USA (MNN) — With his signature Wednesday, President Bush made history. To date the president has done more than any other leader in the fight against HIV/AIDS. Yesterday, he signed H.R. 5501, the reauthorizing of PEPFAR (President's Emergency Plan for AIDS), which allocates an unprecedented $48 billion over the next five years to help treat and prevent AIDS, tuberculosis, and malaria.
Of those funds, $39 billion is slated exclusively for the fight against AIDS, up from the $15 billion spent by the previous plan. The new legislation more than triples the amount of PEPFAR funding for AIDS and other diseases, assuring that life-giving education and support will continue to be provided to tens of millions of needy people over the next five years.
Dave Evans, Vice President of Food for the Hungry and Chair of the AERDO HIV/AIDS Alliance, applauds the extension, "There's a lot of concern about things like how abstinence and faithfulness and the conscious clause, for example, for faith-based organizations — how those things would be dealt with in the new bill. Things like abstinence and faithfulness and other important things to the faith based community remain in this bill. So, we're thrilled, actually."
Evans says the president's signature allows for, "Uninterrupted treatment for people who are on AIDS treatment, those orphans and vulnerable children who are receiving services and those who are being trained and taught about prevention — so all of that is able to continue on."
Since 2005, Food for the Hungry has lead an effective AHA (AERDO – Association of Evangelical Relief & Development Organizations – HIV/AIDS Alliance) consortium implementing a prevention program for over 1.7 million youth and adults in Mozambique, Haiti, Ethiopia and Nigeria.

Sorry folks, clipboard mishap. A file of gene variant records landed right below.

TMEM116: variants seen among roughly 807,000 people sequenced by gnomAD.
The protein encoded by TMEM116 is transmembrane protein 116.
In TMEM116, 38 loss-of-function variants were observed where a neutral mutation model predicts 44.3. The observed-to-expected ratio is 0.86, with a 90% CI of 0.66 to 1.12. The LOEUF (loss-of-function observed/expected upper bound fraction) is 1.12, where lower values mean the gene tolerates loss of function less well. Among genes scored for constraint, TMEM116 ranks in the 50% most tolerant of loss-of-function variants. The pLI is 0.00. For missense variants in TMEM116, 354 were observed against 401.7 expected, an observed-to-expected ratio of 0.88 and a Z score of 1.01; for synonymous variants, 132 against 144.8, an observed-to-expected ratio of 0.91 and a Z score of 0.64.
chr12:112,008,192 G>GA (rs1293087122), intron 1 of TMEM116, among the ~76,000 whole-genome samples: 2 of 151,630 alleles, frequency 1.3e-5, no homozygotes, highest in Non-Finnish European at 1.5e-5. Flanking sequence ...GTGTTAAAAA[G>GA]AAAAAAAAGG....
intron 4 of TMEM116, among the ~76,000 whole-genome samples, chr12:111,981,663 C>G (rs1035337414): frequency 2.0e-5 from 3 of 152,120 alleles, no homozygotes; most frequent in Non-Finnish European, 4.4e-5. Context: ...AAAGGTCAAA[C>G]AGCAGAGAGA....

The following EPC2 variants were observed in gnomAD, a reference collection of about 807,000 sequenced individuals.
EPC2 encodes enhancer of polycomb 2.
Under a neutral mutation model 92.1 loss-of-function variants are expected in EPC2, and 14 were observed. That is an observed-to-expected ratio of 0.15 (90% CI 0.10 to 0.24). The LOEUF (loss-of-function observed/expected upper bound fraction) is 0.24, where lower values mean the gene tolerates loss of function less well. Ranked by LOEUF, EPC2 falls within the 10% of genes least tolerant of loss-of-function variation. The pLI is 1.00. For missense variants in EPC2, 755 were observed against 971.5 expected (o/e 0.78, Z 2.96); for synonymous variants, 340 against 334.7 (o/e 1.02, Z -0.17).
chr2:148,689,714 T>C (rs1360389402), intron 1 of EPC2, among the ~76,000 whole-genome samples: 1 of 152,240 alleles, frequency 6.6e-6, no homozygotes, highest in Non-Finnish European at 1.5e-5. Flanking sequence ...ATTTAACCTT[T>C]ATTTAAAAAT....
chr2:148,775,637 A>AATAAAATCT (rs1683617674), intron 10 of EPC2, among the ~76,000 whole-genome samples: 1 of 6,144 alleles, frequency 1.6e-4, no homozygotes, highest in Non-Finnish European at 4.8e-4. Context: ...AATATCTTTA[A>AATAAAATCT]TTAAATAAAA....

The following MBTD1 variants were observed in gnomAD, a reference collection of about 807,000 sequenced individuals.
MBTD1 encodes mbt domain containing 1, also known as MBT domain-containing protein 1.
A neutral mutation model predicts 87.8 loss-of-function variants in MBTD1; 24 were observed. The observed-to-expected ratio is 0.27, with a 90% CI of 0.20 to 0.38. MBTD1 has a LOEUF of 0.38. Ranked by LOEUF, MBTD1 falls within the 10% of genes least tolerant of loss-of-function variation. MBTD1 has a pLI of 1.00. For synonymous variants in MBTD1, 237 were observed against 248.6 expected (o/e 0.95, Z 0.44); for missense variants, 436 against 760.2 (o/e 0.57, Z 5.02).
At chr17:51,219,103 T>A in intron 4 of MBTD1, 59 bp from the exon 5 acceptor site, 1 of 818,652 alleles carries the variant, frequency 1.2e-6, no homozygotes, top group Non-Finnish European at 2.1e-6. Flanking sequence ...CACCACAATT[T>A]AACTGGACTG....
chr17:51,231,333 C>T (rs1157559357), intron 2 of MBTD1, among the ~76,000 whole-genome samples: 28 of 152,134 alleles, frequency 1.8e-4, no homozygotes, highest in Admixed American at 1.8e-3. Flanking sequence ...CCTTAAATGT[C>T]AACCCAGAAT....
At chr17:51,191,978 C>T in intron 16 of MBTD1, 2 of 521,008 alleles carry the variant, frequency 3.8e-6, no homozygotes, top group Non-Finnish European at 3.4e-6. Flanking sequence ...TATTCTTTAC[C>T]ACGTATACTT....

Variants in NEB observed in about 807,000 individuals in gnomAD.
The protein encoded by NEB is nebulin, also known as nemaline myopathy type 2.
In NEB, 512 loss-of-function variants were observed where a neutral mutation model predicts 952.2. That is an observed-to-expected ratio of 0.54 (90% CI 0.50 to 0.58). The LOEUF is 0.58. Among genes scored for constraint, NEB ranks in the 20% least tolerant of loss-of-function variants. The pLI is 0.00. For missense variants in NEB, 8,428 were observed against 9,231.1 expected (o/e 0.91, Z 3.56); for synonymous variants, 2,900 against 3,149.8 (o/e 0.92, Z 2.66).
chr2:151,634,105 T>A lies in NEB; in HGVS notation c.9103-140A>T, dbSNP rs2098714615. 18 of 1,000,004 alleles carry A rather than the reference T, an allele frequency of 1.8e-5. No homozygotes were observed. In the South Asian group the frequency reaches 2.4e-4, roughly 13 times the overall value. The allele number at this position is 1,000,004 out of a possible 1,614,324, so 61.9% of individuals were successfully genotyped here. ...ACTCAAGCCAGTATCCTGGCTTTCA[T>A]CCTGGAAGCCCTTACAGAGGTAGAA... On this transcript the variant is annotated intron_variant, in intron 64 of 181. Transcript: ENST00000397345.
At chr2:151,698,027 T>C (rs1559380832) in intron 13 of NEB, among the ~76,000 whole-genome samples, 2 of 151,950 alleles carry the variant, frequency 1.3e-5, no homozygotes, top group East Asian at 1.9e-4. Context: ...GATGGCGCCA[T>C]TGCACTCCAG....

Recent studies show the work has been effective, according to HIV/AIDS Program Coordinator Kim Buttonow. "There have been several exciting achievements including results from a recent survey indicating this program is having a positive effect on people's lives and that they are practicing abstinence and faithfulness as a means of HIV prevention."
In addition to the core PEPFAR grant, Food for the Hungry has also been awarded a $1.9 million expansion grant in Mozambique and Nigeria, expanding the coverage of current prevention programs for youth and the prevention of sexual abuse.
Evans says these additional dollars will help many groups who are doing the work, many of them faith based. "40 percent of the health care that is provided in the developing world is provided through faith based institutions."
Food for the Hungry will be applying for some of this funding. The money awarded to them will help them with their work, but won't hinder them from the mission. "We partner with a lot of churches and they're very good at reaching out in a compassionate way to people who are suffering from AIDS, or families that are affected by it. They will remain a key partner of ours in the future."
Even though the money is public funding, he says "We can remain confessional and do this work at the same time."